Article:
Once across, we had to take a 45-minute bus ride up to the house. Çisil and her father spent the trip catching up in rapid Turkish that left my head spinning, so I turned my attention out the window, watching the İstanbul morning pass us by in blurs of rust hues and dust. At the house, I reveled in the chance at a shower and scrubbed off 24 hours’ worth of grime and a few layers of skin, almost falling asleep against the tiled wall in the bath. Afterward, I passed out in the spare room they had set out for me, falling into a dreamless sleep for two hours.

I greeted Asuma Anne in the living room once I woke — Çisil and Can Baba were still asleep — and we chatted in hushed voices over çay and Türk kahvaltı (Turkish breakfast), flipping through her high school yearbook and giggling over old photos of her and Can. Though she’s his wife from his fourth marriage, they’d known each other since childhood, and were still courting one another as teenagers in love. “That’s life,” Can Baba had said to me as we were crossing the sea earlier that morning, “sometimes you meet each other again.”

Once he and Çisil joined us an hour later, we measured the afternoon in games of tavla and cups of tea, sharing stories and getting to know one another — “today I have a new daughter,” Can Baba smiled, and I felt a pleasant sort of heartache at his kindness — sunshine and breeze wafting through the open window until it was time for Çisil and I to head back to the port for a ferry home.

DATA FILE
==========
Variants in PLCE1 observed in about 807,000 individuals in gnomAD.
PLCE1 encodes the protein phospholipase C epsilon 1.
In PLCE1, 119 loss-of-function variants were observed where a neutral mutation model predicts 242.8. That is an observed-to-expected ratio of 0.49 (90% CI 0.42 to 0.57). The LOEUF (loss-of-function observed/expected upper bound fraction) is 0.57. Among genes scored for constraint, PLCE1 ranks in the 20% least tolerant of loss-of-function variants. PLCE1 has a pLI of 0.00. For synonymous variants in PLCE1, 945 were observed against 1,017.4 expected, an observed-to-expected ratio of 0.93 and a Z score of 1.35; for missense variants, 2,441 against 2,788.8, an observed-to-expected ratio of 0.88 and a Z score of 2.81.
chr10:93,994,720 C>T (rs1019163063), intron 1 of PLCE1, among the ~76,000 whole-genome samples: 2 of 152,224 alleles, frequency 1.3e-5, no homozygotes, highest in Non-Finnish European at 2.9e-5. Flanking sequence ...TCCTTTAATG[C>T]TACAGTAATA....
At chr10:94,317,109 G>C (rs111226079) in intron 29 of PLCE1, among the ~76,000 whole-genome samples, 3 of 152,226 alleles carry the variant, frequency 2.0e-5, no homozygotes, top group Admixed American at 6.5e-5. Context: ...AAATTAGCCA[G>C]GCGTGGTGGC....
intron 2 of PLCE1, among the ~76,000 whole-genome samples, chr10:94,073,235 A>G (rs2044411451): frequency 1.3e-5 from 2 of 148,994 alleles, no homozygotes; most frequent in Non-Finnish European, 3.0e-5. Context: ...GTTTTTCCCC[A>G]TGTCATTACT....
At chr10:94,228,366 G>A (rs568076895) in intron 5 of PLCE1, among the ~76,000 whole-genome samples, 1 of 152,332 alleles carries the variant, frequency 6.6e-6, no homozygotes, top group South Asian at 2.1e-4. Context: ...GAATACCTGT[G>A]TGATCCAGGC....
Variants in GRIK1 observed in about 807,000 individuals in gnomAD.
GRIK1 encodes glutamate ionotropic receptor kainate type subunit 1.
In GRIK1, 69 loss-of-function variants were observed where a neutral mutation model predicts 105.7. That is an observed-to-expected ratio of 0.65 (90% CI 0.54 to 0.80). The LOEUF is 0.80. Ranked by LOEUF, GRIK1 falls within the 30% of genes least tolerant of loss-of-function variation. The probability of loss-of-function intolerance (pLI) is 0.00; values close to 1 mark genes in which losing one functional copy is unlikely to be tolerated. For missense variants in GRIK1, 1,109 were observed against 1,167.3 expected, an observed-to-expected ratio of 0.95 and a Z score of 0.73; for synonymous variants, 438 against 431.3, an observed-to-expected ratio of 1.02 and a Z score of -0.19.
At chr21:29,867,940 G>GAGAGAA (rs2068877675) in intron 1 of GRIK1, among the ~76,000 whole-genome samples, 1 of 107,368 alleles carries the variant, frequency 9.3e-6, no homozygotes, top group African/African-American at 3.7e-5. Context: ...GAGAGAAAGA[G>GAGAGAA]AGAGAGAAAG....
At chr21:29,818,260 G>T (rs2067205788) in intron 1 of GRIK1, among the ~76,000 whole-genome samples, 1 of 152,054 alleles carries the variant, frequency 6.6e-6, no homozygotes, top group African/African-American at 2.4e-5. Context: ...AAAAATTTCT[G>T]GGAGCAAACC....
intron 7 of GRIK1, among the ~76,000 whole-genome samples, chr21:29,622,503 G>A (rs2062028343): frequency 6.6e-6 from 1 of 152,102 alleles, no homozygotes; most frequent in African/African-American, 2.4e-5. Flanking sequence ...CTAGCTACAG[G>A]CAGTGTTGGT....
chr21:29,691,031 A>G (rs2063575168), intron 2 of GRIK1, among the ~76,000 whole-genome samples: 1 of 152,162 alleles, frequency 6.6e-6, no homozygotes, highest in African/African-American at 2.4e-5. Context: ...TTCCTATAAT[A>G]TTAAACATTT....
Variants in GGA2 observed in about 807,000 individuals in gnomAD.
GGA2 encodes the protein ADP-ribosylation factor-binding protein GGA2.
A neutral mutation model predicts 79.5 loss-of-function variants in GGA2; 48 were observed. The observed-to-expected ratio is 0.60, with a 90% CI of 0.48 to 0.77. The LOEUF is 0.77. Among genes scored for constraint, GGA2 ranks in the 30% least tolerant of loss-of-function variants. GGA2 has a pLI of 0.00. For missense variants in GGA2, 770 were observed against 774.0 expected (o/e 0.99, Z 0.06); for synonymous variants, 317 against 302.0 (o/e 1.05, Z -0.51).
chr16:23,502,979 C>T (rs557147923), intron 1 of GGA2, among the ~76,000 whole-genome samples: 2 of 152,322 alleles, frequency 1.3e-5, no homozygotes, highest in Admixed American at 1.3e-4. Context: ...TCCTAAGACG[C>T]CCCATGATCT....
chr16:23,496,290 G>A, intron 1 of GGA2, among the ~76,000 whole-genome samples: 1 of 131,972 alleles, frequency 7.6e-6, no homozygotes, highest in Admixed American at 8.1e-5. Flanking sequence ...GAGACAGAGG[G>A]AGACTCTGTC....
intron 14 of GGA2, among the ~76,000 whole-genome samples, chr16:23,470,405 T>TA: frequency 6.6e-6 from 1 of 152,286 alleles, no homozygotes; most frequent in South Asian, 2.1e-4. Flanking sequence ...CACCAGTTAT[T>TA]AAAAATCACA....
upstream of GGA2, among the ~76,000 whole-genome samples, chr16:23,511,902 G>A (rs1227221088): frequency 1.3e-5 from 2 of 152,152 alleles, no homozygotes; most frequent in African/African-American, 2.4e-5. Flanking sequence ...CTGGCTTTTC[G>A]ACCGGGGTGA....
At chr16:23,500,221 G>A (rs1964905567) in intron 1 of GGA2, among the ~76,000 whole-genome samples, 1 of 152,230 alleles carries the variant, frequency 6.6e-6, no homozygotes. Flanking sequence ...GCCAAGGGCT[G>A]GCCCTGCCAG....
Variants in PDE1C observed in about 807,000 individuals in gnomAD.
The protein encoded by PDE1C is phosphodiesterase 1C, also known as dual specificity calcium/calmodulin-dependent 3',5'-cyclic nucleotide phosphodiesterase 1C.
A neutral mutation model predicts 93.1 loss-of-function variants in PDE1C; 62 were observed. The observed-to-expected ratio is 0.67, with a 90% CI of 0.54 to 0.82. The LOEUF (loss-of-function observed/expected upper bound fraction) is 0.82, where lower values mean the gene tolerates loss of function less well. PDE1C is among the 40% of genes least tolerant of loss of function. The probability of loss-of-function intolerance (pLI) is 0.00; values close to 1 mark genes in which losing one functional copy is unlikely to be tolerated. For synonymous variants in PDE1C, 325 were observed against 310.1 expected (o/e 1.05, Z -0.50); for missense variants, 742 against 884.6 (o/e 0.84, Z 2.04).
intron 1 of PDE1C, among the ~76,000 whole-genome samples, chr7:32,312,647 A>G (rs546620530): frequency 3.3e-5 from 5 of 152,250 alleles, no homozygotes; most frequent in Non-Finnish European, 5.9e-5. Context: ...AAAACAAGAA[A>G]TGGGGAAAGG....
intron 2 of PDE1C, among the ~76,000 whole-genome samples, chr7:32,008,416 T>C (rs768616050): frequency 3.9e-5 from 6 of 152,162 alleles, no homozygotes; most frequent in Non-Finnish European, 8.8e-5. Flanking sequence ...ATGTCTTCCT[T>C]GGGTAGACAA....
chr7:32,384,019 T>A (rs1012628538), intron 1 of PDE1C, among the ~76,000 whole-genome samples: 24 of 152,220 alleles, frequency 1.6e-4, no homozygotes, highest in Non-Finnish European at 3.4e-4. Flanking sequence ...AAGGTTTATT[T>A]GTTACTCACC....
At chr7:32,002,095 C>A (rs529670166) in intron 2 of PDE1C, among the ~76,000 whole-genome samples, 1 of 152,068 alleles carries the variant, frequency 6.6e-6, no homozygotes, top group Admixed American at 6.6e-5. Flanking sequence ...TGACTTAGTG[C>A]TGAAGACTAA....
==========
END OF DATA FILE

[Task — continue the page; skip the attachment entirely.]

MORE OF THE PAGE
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The ride turned out much more exciting than anticipated when the bus came to a standstill at the outskirts of a massive demonstration right along the Bosphorus. I had no intention of participating in the demonstration in any way whatsoever, but Çisil and I found ourselves caught in a wave of Turks carrying red flags, silhouettes of Atatürk hanging from high balconies and car windows. The entire ordeal was incredible, really: flautists and musicians gathered in groups along the sea, men grilling fresh fish over open fires for friends and strangers, songs born out of passion and feeling.

Incidentally, we missed the ferry. Stuck waiting 3 hours for the night boat, Çisil and I made our way to the European side of the city for dinner. Time passed quickly enough, as it does with such ease whenever I’m with her. We were happy to be heading home, though, and ready for a burst of uninterrupted sleep.

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I’m back in Bursa, now. Back to the bustle of morning Turkish lessons and battling humid train rides, back to the familiarity of its easy roads and uncomplicated schedule. I loved İstanbul, to be sure, but… I hardly know her. Two days — and what feels like a lifetime — spent wandering her streets, and I’ve barely touched the surface of her story. The night before, Gizem told me that after 24 years of living and breathing İstanbul, she wasn’t sure she could ever see it all.

Maybe that’s why people keep coming back, in the hopes that they can.

And really? I’m not sure she will ever be my city, in the same way that Cville is and Bursa is slowly beginning to be. But I think I’m okay with that. I’ll enjoy her company when I’m around, and let her go when it’s time to go home. For now, it’s enough to know that she’ll always be there.

Will write again soon, my dear reader. Keep smiling until then. XX

Bursa, part I
Bursa, part II
Bursa, part III
Bursa, part IV
Bursa, part V
Ankara